Again, horses that have this kind of soreness will appear to 'lift' their backs in order to evade muscle tearing and soreness. If Ninja is experiencing soreness in his back, it might not be the saddle. See how it all ties together? Don't buy any new tack before having this checked out. As @ApuetsoT said, it's far more efficient to have the vet out, get radiographs done, etc. before doing anything else. Keep us updated! =)
 

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When I was trimming my horse I noticed he was really snatchy with his hind feet. Normally when I pick them out I rest them on my foot, which is probably dangerous but it's more comfortable for both of us and he doesn't try to kick so ¯\_(ツ)_/¯. However, once he realized he was actually going to have to lift them up higher, he started snatching them as soon as I asked him to pick them up, even days later when I really was just going to keep them low.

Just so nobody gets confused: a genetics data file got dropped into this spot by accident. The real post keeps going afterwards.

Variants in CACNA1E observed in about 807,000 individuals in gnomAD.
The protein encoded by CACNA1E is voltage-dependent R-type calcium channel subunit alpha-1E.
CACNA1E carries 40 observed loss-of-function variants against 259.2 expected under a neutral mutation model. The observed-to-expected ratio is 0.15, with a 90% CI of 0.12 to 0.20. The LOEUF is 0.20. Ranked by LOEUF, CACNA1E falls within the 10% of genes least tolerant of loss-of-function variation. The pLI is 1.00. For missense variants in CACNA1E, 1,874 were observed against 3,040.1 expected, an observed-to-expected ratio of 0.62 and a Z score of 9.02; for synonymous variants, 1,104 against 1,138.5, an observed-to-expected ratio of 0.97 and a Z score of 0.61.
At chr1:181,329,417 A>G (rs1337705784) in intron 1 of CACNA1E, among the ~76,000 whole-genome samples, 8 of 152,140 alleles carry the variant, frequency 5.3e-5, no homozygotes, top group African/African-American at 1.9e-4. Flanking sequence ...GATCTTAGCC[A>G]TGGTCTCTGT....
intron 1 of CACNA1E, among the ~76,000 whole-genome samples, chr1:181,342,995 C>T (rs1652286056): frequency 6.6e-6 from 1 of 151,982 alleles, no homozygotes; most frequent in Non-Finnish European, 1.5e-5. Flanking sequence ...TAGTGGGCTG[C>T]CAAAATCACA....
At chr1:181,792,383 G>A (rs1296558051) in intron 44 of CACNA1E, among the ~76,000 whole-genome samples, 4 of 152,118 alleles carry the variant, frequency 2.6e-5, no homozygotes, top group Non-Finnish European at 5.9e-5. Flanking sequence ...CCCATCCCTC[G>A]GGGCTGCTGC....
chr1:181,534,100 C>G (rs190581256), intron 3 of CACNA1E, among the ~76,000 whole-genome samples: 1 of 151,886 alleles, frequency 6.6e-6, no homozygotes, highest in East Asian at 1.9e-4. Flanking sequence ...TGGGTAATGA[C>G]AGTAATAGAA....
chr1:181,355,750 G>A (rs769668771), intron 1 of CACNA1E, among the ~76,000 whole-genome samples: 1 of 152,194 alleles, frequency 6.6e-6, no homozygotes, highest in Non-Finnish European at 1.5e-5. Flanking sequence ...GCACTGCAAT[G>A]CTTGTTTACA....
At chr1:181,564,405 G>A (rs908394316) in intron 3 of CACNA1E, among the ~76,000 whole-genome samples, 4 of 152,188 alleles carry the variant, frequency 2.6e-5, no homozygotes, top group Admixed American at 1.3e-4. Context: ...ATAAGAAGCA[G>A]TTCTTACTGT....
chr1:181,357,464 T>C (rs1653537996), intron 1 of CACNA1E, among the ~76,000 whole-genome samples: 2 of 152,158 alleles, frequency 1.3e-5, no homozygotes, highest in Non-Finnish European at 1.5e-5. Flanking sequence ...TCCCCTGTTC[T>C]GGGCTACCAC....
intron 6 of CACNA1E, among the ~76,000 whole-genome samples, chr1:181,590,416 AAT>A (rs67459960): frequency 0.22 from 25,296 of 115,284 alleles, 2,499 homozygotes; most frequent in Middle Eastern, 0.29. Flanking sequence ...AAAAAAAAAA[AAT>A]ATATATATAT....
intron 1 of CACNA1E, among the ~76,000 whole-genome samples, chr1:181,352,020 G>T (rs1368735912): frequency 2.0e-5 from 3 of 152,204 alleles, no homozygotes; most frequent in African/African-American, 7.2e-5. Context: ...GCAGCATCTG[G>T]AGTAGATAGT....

I assume it's some sort of pain issue, but I don't know what it could be. Other info: He's more snatchy on his right side than his left, he also toe-drags his hind hooves a lot, he's had a masseuse out and she didn't notice any stiffness in his hindquarters. He's got really good hooves, so it's probably not that either.

Thanks for any help :)



I'm just now cluing in to the fact that by 'trimming', you mean you are trimming his HOOVES! I thought you were talking about trimming the body hair! Had me confused .



Ok. Sorry to be so slow. I haven't perfected the art of mind reading yet.
 

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Discussion Starter #13
If it is uncomfortable for you to lift your horse's foot to pick it out how do you expect to be able to trim him?
It's not uncomfortable. Well, it is annoying to hang on to a kicking foot, if that's what you mean, but it didn't hurt at all.